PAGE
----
Medicare & Assisted Living

Studies show that almost 70 percent of elderly who are 65 and above will require some sort of long-term health care, no matter if it is an assisted living care or a nursing care. Assisted living care allows senior citizens to retain some amount of independence since it offers what we call a custodial care, which assists them with things like dressing & bathing.  On the other hand, nursing homes can be more appropriate for seniors facing medical disorders or who require constant monitoring. Even though Medicare offers important health benefits to seniors who’re retired, it does not cover services like dental, vision and other long-term care that come under assisted living. Majority of the assisted living centers offer services that typically doesn’t fall under custodial care. Meaning your Medicare policy won’t pay for it since it doesn’t fall under medical care category traditionally.

On contrary, Medicare pays for skilled nursing care or home health care if a person needs specialized care after a major injury or surgery. The major difference here is that in such a scenario, you would require more than simply custodial care so as to recover properly. Also, once you opt for skilled nursing care, Medicare is likely to restrict the total days you receive coverage for. If you buy a suitable coverage when you are younger, it might allow you to minimize assisted living costs when you finally require it. Also, the sooner you proceed with your application, the better your odds are to not only get eligible for the coverage but also receive a health-based concession.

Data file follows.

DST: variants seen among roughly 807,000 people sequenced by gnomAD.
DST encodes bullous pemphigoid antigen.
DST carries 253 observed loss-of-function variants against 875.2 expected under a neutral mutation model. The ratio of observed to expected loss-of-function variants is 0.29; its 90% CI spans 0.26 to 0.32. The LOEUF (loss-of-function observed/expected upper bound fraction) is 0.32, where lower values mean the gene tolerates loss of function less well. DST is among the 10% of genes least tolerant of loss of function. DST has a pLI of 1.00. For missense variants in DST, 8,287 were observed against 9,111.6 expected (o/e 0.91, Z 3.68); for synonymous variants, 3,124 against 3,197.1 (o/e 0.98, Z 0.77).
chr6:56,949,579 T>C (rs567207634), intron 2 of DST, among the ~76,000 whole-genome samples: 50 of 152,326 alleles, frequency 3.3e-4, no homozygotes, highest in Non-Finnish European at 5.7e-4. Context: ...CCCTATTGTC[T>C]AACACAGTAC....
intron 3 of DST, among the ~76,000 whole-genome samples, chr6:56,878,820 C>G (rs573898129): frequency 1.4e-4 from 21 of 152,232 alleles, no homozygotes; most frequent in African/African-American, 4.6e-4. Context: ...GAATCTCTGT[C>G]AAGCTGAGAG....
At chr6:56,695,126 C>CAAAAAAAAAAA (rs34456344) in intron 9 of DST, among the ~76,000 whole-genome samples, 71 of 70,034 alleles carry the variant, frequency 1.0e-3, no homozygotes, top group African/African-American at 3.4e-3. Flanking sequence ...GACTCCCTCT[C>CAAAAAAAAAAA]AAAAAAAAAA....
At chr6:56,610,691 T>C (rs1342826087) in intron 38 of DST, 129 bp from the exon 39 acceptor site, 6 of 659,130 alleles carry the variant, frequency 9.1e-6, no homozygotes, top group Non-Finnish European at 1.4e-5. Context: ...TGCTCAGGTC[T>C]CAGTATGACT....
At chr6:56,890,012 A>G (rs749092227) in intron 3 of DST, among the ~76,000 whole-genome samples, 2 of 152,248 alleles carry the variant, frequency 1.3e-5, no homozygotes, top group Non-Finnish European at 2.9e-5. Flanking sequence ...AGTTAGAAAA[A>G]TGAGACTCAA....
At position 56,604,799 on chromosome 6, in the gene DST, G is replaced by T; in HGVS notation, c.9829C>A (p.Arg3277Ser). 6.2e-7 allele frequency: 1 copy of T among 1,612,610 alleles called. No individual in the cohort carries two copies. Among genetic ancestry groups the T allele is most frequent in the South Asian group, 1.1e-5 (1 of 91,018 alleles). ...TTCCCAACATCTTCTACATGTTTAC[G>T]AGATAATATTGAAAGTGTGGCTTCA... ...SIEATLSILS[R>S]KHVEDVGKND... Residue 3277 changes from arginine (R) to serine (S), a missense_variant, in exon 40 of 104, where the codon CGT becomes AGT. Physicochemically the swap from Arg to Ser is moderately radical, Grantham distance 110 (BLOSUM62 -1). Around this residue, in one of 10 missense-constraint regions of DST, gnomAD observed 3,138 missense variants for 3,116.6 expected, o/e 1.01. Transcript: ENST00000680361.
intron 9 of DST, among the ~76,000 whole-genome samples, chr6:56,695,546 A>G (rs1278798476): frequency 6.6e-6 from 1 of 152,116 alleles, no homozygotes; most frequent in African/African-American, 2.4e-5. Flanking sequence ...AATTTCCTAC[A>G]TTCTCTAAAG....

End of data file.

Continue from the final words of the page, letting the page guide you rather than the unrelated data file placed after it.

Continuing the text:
As per the research, over 50 percent applicants of long-term care coverage in their fifties are able to qualify for health-based concessions. The above percentage reduces to 42 percent, however, for those applying in their sixties, & further reduces to 24 percent for seniors applying in their 70s.  If you are truly serious about making sure that your insurance costs for long-term care stay at manageable levels, then it might be worth to consider it prior to your health starts declining.  To conclude, it is highly unlikely that neither Medicare nor Medicare Supplement Plans will be able to cover your cost of assisted living in the near future. So, it is wise to take the matter in your own hands before it’s too late.